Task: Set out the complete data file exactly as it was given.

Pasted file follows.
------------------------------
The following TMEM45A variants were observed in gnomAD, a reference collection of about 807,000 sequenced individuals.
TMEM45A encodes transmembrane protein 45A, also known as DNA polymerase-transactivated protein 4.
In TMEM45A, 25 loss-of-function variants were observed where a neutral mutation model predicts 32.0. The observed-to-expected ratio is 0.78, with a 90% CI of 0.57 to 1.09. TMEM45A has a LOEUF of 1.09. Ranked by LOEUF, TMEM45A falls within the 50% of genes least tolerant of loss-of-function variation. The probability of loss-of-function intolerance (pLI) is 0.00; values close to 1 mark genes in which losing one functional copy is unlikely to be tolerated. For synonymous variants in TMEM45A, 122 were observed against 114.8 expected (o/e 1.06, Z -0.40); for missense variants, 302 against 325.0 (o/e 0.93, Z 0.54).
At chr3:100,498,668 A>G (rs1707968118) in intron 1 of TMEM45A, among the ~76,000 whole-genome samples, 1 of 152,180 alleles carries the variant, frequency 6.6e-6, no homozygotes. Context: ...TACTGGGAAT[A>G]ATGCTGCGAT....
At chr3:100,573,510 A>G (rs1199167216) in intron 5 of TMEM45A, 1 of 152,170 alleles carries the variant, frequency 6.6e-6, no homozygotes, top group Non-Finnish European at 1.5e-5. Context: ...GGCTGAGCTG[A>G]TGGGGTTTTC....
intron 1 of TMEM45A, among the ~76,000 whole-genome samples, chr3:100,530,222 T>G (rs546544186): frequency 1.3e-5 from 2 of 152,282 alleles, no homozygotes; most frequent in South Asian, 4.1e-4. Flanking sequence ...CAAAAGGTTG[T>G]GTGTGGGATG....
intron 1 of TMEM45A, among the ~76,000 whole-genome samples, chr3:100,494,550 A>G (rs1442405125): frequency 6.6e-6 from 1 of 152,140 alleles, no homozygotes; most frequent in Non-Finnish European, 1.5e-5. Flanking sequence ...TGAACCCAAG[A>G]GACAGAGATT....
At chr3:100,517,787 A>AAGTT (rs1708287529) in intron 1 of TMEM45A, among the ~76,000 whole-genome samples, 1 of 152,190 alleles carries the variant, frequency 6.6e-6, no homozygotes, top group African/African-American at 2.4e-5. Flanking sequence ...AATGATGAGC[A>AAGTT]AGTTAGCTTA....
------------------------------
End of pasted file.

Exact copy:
The following TMEM45A variants were observed in gnomAD, a reference collection of about 807,000 sequenced individuals.
TMEM45A encodes transmembrane protein 45A, also known as DNA polymerase-transactivated protein 4.
In TMEM45A, 25 loss-of-function variants were observed where a neutral mutation model predicts 32.0. The observed-to-expected ratio is 0.78, with a 90% CI of 0.57 to 1.09. TMEM45A has a LOEUF of 1.09. Ranked by LOEUF, TMEM45A falls within the 50% of genes least tolerant of loss-of-function variation. The probability of loss-of-function intolerance (pLI) is 0.00; values close to 1 mark genes in which losing one functional copy is unlikely to be tolerated. For synonymous variants in TMEM45A, 122 were observed against 114.8 expected (o/e 1.06, Z -0.40); for missense variants, 302 against 325.0 (o/e 0.93, Z 0.54).
At chr3:100,498,668 A>G (rs1707968118) in intron 1 of TMEM45A, among the ~76,000 whole-genome samples, 1 of 152,180 alleles carries the variant, frequency 6.6e-6, no homozygotes. Context: ...TACTGGGAAT[A>G]ATGCTGCGAT....
At chr3:100,573,510 A>G (rs1199167216) in intron 5 of TMEM45A, 1 of 152,170 alleles carries the variant, frequency 6.6e-6, no homozygotes, top group Non-Finnish European at 1.5e-5. Context: ...GGCTGAGCTG[A>G]TGGGGTTTTC....
intron 1 of TMEM45A, among the ~76,000 whole-genome samples, chr3:100,530,222 T>G (rs546544186): frequency 1.3e-5 from 2 of 152,282 alleles, no homozygotes; most frequent in South Asian, 4.1e-4. Flanking sequence ...CAAAAGGTTG[T>G]GTGTGGGATG....
intron 1 of TMEM45A, among the ~76,000 whole-genome samples, chr3:100,494,550 A>G (rs1442405125): frequency 6.6e-6 from 1 of 152,140 alleles, no homozygotes; most frequent in Non-Finnish European, 1.5e-5. Flanking sequence ...TGAACCCAAG[A>G]GACAGAGATT....
At chr3:100,517,787 A>AAGTT (rs1708287529) in intron 1 of TMEM45A, among the ~76,000 whole-genome samples, 1 of 152,190 alleles carries the variant, frequency 6.6e-6, no homozygotes, top group African/African-American at 2.4e-5. Flanking sequence ...AATGATGAGC[A>AAGTT]AGTTAGCTTA....